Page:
The Historian | State of the Art

State of the Art, by Sally Melheish, 18 June 2024.

Having perfected the art of being in the right place at the right time, Dr Charles Burney (1726-1814) found himself in some notable moments of music history to become a respected author, musician, composer and historian.

From his humble beginnings as an indentured apprentice and servant, Burney’s intellect, extensive networking and seemingly unquenchable thirst for knowledge led him, at the age of 44, to embark on the first of his cultural pilgrimages through Europe. His legacy of strongly opinionated letters, three books and four volumes of the History of Musical so offer a direct window into the daily life, intrigue and gossip of the 18th century.

Burney’s journey to that point involves a Who’s Who of prominent friends and acquaintances. At 16, he had his introduction to Handel (and his notorious temper), who was travelling to Dublin for the premiere performance of Messiah: “…being extremely curious to see so extraordinary a man, I watched him narrowly as long as he remained in Chester…”.

At 18, Burney became apprenticed for seven years to Thomas Arne (best known as the composer of Rule Britannia), who Burney later described as “selfish and unprincipled”. Feeling exploited, he gained release after only four years from his legal obligation to this “evil-living” master with the assistance of a new, benevolent patron in aristocrat Fulke Greville, who was seeking a household musician. And so began Burney’s education in “Society with company of the first rank for birth, breeding, and conversation”.

Constantly observing, absorbing and engaging throughout his long life, Burney developed an interest in poetry, painting and astronomy. He befriended the poet and playwright Samuel Johnson, painter Joshua Reynolds, and composers CPE Bach and Joseph Haydn. In London, Burney “met with M. Mozart and his son, … whose premature and almost supernatural talents so much astonished us in London a few years ago, when he had scarce quitted his infant state”.

Following the first voyage along the east coast of New Holland by Captain James Cook and Joseph Banks in 1770, Burney was invited to advise Cook and Banks on compiling their journals.

With his interest more in “living music” rather than “ancient music”, Burney could not abide stagnant musical styles dressed up as “traditional” and was dismissive of composers whose work did not evolve. After only a few days in France, Burney condemned the “mediocrity of French music” that had “undergone few changes at the great opera since Lulli’s time, that is to say, in one hundred years”.

Burney was similarly disappointed during his visit to Berlin, finding that “though the world is ever rolling on, most of the Berlin musicians, defeating its motion, have long contrived to stand still”. For this, Burney laid the blame squarely with the absolute King Frederick the Great: “Upon the whole, my expectations from Berlin were not quite answered, as I did not find that the style of composition, or manner of execution, to which his Prussian majesty has attached himself, fulfilled my ideas of perfection. … There are schisms in this city, as elsewhere; but heretics are obliged to keep their opinions to themselves, while those of the establishment may speak out: for though a universal toleration prevails here as to different sects of Christians, yet, in music, whoever dares to profess any other tenets than those of Graun and Quantz, is sure to be persecuted.”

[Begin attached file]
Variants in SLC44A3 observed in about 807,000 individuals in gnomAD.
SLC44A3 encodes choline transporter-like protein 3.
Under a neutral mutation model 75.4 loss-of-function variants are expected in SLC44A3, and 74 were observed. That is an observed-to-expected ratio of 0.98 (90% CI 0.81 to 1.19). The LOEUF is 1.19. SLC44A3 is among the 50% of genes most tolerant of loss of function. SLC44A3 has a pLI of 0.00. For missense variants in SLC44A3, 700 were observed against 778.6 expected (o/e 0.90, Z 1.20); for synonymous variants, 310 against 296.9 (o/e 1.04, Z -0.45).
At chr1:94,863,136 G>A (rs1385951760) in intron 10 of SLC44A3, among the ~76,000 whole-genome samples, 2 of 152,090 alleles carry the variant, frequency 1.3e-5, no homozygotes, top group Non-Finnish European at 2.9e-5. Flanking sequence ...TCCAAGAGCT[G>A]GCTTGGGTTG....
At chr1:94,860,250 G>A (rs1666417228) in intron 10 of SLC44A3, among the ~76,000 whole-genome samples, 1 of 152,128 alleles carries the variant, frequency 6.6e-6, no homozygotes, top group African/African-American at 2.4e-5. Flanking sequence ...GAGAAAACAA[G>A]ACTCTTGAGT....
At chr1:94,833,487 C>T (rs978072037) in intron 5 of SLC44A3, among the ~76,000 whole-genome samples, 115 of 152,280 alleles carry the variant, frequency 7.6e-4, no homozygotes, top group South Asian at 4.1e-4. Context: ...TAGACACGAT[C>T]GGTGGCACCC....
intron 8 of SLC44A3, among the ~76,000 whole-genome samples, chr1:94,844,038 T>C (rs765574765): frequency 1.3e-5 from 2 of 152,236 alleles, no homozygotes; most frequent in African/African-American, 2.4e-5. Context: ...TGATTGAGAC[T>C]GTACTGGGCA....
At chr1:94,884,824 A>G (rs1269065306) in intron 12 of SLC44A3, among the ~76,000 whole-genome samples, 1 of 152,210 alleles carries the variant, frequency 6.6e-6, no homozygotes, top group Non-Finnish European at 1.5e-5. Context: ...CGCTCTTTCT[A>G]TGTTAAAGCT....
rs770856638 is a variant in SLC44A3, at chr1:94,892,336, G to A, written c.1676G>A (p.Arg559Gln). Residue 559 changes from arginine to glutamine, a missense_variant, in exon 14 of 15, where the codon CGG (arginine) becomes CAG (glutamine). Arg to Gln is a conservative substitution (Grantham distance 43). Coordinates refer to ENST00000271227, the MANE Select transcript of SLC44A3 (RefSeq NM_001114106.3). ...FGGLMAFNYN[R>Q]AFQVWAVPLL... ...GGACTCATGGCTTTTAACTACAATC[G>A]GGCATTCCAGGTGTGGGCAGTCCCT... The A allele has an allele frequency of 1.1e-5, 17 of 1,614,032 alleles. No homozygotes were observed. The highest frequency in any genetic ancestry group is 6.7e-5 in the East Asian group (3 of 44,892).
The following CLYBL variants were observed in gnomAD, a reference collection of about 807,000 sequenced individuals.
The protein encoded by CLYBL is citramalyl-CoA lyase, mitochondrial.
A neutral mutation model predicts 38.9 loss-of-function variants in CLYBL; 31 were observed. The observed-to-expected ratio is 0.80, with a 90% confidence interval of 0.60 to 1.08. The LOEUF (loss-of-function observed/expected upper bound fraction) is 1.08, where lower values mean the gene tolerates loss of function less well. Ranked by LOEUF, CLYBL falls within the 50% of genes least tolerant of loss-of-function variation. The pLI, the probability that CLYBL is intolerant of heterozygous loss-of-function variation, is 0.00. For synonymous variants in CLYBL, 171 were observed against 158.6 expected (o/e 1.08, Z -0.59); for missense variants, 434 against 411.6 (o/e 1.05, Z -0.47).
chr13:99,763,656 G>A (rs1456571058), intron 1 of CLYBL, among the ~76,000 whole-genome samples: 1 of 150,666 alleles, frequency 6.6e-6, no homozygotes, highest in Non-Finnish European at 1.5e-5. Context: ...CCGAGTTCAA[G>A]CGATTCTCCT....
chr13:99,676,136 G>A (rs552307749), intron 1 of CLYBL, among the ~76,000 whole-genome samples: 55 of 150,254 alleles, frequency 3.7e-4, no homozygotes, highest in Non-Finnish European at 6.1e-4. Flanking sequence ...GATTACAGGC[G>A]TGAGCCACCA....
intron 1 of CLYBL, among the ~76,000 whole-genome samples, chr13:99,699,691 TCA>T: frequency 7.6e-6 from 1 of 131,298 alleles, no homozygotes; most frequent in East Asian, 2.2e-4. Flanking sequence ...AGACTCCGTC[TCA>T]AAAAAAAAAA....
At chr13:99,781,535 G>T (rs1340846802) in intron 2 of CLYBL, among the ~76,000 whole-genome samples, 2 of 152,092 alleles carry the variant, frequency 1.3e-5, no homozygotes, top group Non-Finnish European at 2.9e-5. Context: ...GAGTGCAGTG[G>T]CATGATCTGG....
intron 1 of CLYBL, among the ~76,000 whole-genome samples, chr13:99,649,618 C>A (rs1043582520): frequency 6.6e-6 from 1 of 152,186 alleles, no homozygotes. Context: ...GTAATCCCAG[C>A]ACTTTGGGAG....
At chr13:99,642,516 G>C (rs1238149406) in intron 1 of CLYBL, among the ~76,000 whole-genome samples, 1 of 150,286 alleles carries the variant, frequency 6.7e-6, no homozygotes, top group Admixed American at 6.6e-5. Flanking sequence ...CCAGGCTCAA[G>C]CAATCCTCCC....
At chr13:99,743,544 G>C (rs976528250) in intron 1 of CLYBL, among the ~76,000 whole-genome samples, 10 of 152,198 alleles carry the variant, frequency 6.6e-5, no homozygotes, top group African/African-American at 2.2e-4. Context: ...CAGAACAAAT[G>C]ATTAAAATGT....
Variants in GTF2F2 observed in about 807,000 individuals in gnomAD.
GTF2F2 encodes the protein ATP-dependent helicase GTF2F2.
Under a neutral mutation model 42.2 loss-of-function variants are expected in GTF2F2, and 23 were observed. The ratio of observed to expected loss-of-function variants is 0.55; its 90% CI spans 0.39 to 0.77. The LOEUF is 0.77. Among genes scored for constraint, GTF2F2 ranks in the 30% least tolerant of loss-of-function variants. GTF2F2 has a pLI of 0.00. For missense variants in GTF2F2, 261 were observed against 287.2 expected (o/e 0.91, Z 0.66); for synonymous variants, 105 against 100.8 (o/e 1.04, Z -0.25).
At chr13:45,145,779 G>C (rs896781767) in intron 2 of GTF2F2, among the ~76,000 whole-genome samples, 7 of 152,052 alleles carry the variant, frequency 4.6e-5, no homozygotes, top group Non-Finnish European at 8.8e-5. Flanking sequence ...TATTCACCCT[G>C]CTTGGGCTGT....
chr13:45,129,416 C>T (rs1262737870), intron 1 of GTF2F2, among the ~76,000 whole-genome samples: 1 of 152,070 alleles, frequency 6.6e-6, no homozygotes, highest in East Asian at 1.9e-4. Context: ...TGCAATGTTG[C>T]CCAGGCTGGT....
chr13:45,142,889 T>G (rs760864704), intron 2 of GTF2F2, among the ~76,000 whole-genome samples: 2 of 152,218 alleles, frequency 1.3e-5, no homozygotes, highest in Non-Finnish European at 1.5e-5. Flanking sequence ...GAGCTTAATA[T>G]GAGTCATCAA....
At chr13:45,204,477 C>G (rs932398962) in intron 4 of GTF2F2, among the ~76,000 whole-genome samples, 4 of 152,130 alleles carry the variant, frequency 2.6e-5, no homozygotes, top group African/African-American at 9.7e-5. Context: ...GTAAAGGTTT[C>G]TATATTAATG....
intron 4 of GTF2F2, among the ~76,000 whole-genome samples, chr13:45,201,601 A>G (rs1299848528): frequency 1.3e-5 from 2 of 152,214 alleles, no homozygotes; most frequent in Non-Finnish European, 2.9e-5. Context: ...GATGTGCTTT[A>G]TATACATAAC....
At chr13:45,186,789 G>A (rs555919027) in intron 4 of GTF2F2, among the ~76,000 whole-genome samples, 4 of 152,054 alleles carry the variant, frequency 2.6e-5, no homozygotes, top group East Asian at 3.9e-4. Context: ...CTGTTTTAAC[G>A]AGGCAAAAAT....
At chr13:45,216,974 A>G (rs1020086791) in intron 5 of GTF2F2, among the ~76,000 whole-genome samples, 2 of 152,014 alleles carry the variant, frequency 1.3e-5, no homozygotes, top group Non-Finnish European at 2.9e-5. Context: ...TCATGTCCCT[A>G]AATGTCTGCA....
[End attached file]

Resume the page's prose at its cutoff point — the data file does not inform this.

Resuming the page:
Perhaps it was Burney who began the tradition of belittling the viola, the bane of long-suffering viola players everywhere. In A General History of Music Burney wrote that “[Geminiani] went to Naples, where from the reputation of his performance at Rome, he was placed at the head of the orchestra; but according to [Francesco] Barbella, he was soon discovered to be so wild and unsteady a timist, that instead of regulating and conducting the band, he threw it into confusion; as none of the performers was able to follow him in his tempo rubato, and other accelerations and relaxations of measure. After this discovery … he was never trusted with a better part than [viola] during his residence in that city.”

As a composer however, Burney considered Geminiani “was certainly a great master of harmony, and very useful to our country in his day. …He had more variety of modulation, and more skill in diversifying his parts than Corelli.” Further, “his Opera terza, which established his character, placed him at the head of all the masters then living, in this species of composition. His second concerto of the second set … is the most perfect composition of the kind, within my knowledge.”

After a life of dedication, the results of Burney’s single-mindedness in detailing composers and trends enrich our appreciation of the music and provide us with a rich source of cultural history. His legacy of witty observations, criticisms and sarcasm remind us that human nature spans the centuries, while also opening a window on the trials and tribulations of musicians and composers of that era. And with his passion for chronicling the history of music, Charles Burney achieved his ambition of transforming from a “mere” musician to being respected as an equal amongst gentlemen of society.

Salut! Baroque’s The Historian plays at the Fairfax Theatre, National Gallery of Australia, Canberra on 21 June and Verbrugghen Hall, Sydney Conservatorium of Musicon Sunday 23 June. Tickets are available here.